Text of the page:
Hands-on (often inept) fooling around with stuff has been called “tinkering.” The top definition for the word “tinkering” in the online collaborative Urban Dictionary is this: “to mess around with something and you don’t really have a clue what you are doing.” (The regular dictionary definitions are pretty boring.)
It’s to honor the Urban Dictionary spirit of tinkering that Karen Wilkinson and Mike Petrich, the co-directors of the San Francisco Exploratorium’s Tinkering Studio put together the book, THE ART OF TINKERING.
In the introduction to this amazing collection of wonders by 150+ Makers who combine art, science and technology to put together incredibly diverse works, Wilkinson and Petrach tell us that tinkering is “more of a perspective than a vocation…. It’s thinking with your hands and learning through doing.”
The book grew out of the work being done by a group of artists, scientists, developers, educators and facilitators who play with many different sorts of tools, materials and technologies at the museum’s “Tinkering Studio” and at the PIE Institute.
JUST MESSING AROUND
This gathering of fun-loving Makers bent on giving us all a taste of the joy of tinkering was the result of a project called the PIE (Play-Invent-Explore) Network. This federally funded project began as a collaboration between the MIT Media Lab’s Lifelong Kindergarten Group, the Exploratorium, and several other museums,
They started by experimenting with science and art activities that developed into innovative educational activities suitable for wonderment, playfulness and learning about the world around us.
Work by the Tinkering Studio guys often become either exhibits at the museum or hands-on activities that allow museum visitors to jump in and play in the museum’s Tinkering Studio space which is open to the public.
The Tinkering Studio at the Exploratorium has become an inspiration for tinkerers and other wanna-be Makers since it began in 2009.
This 2012 YouTube video published by core77inc gives a taste of what the sessions held in the Studio feels like:
The book has a slew of advice about how you, too, can play at tinkering.
Here are my favorites:
- Create rather than consume.
- Express ideas via construction. Use your hands to build the constructs living in your mind.
- Embrace your tools. Learn how to use them the “right” way, then figure out other ways to use them that work for what you are trying to do. It’s been said that a master knows how to misuse tools at least three different ways to get other results.
- Prototype rapidly. When you have an idea, don’t let it just sit in your brain. Get it out into the world as soon as possible. Sketch a design. Build a working model with stuff you have lying around. Once it’s out of your head you can work out your next steps and move on to Phase 2.
- Make it strange. Use familiar materials in unfamiliar ways. Take a common object and put it to another new use.
- Get stuck. It’s a good thing. Failure tells you what you don’t know. Frustration is for making sense of that failure in the moment. Taking action to work through the problem and playing with it ultimately lead to new understandings.
The best advice of all is this one: You need to balance autonomy with collaboration.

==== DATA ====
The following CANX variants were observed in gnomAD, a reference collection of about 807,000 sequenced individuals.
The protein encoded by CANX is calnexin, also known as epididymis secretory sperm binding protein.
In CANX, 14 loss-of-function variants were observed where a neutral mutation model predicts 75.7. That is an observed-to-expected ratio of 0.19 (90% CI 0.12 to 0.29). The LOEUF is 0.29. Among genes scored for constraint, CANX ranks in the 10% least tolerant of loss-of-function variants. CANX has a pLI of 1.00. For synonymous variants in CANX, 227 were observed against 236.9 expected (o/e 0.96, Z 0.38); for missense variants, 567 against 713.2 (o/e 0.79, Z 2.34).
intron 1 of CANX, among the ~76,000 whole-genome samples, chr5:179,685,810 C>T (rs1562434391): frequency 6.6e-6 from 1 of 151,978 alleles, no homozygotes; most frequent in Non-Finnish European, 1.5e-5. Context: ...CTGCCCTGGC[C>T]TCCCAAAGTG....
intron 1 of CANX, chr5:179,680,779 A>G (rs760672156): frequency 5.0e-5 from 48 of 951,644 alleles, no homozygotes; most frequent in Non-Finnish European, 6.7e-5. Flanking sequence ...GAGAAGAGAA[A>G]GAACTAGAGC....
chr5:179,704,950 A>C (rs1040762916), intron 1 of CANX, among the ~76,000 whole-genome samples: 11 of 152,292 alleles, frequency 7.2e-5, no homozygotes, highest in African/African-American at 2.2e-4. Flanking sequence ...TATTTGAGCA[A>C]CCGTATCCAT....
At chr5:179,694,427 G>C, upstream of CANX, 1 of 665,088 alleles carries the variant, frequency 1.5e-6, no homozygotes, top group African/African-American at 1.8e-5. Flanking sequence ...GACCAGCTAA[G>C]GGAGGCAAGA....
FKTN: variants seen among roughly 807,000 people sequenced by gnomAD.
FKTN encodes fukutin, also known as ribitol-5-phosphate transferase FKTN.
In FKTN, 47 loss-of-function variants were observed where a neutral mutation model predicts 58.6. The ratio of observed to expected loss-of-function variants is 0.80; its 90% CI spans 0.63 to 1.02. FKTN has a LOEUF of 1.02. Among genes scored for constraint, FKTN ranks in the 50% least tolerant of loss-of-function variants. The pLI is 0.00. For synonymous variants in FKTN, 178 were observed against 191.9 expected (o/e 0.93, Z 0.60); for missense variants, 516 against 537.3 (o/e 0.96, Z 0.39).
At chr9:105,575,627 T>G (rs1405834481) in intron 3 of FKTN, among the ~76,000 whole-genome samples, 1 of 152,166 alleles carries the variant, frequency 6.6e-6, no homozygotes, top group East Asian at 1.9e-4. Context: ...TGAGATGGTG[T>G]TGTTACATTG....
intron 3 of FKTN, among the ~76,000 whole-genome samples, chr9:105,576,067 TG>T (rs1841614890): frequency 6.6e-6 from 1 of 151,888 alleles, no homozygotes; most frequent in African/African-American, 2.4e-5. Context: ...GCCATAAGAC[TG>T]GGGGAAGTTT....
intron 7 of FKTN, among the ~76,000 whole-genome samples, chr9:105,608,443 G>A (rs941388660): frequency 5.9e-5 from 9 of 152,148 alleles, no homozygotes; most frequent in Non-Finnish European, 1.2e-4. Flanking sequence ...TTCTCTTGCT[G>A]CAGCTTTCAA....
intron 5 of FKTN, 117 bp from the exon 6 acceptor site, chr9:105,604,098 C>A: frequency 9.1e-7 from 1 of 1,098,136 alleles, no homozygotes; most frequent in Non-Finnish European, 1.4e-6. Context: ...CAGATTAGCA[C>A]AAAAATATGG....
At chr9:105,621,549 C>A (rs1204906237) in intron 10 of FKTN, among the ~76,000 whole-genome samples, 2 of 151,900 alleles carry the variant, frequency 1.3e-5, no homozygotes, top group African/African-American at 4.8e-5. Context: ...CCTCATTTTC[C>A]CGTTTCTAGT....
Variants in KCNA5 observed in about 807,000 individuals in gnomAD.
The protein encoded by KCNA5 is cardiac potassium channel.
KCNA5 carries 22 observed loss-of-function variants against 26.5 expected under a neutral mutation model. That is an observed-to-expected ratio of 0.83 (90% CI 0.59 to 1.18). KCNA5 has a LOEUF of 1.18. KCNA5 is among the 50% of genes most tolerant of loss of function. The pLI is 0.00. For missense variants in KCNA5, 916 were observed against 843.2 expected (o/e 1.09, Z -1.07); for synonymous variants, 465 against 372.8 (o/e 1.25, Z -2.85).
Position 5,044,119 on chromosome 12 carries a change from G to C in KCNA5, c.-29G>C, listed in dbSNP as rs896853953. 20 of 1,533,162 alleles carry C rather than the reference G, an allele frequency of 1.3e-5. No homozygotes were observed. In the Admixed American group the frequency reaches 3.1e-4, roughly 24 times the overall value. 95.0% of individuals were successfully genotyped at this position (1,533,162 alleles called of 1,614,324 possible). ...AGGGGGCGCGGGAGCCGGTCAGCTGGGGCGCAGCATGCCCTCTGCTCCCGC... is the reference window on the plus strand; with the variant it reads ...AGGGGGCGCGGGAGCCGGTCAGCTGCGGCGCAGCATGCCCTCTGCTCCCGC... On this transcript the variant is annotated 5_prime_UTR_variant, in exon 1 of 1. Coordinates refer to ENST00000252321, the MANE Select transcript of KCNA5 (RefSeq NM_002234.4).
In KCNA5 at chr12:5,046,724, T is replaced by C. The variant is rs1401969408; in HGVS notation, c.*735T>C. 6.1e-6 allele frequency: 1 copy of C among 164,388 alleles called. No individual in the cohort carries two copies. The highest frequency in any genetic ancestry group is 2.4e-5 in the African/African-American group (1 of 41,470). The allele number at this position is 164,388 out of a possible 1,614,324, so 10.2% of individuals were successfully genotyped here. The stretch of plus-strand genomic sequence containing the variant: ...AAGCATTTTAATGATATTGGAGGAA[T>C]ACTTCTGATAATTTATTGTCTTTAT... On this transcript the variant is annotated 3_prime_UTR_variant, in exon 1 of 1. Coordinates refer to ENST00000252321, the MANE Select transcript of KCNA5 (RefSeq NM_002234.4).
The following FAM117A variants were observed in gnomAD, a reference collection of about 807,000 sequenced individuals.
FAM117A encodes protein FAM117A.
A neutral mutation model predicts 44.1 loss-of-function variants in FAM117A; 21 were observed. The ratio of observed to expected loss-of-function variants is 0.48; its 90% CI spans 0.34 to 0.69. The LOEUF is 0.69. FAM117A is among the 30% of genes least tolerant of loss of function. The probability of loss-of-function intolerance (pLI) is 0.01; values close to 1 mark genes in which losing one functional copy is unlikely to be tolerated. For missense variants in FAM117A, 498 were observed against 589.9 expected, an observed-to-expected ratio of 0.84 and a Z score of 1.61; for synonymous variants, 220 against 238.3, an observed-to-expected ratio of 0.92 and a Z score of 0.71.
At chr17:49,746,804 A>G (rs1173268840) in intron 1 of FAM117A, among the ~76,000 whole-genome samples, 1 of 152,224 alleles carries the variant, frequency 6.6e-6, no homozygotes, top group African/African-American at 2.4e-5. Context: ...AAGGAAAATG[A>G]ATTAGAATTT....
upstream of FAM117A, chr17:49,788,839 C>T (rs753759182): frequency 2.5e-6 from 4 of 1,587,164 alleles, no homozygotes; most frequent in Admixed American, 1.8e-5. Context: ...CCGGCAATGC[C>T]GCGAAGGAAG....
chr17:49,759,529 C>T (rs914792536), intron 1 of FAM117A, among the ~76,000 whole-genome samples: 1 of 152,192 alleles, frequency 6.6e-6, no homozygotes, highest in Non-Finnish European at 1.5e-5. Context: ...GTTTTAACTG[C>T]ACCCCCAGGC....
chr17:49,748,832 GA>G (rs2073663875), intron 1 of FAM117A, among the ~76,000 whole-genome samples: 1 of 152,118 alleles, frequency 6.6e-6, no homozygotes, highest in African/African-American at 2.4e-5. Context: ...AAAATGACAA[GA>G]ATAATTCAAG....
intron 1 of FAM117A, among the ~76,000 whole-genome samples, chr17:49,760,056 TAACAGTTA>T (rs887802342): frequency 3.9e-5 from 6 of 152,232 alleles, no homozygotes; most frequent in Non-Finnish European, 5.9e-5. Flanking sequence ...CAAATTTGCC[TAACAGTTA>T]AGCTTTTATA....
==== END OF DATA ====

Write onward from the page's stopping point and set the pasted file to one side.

Autonomy – going solo – helps you get to your own kind of mastery. You learn how to work with tools and materials. You develop your own skill and knowledge. You grow your confidence.
Tinkering with other people can be a blast. Collaboration helps you clarify your ideas for solving a problem because you have to be able to explain them to your partners in a way they can understand. (Otherwise they won’t be able to help you get where you want to go.)
You and your partners will have different and various skills and ideas that can be brought to bear on the problem. Cross-pollination is likely to occur and that could lead to other wonders.
Best of all, everybody can be a part of something larger than themselves, and that, as any wise guy will tell you is a very good thing.
All of the pictures of the hand-made sailing rail-cars project above were taken by Gever Tulley, the founder of Tinkering School, an internationally known summer program. He also started SF Brightworks, an innovative K-12 school in San Francisco emphasizing experience-based, hands-on experiential learning.
Tulley is the also the author of the book FIFTY DANGEROUS THINGS (YOU SHOULD LET YOUR CHILDREN DO), among others. As he has noted, “I have made it my mission to reintroduce the world to children: the real world as revealed through unscripted, hands-on, meaningful learning experiences.”
Here’s a poem.
MAKING ROOM FOR THE CREATIVE
The Creative has no limits, it is said.
It moves along, coursing through our days
Like rivers and streams,
Tumbling over the rocky places,
Making babbling brooks and dancing rills,
Trickling through the hard
As runnels and creeks,
Diving under massed walls,
Soaking on down to run deep
And springing back up as
Freshets, sweet and clear….
Tributaries all, running through the World
On their way to the Sea of Dreams
Where all potentialities roll around playing.
It keeps on moving, the Creative,
Carrying away bits of our landscape
And depositing them somewhere other,
Building up and tearing down
The structure of our lives.
It’s just there, the Creative,
That essence, shiny-bright,
A beautiful, chaotic force.
by Netta Kanoho
Header picture credit: “Tinker Town Tuesday” by Erin via Flickr [CC BY-NC 2.0]
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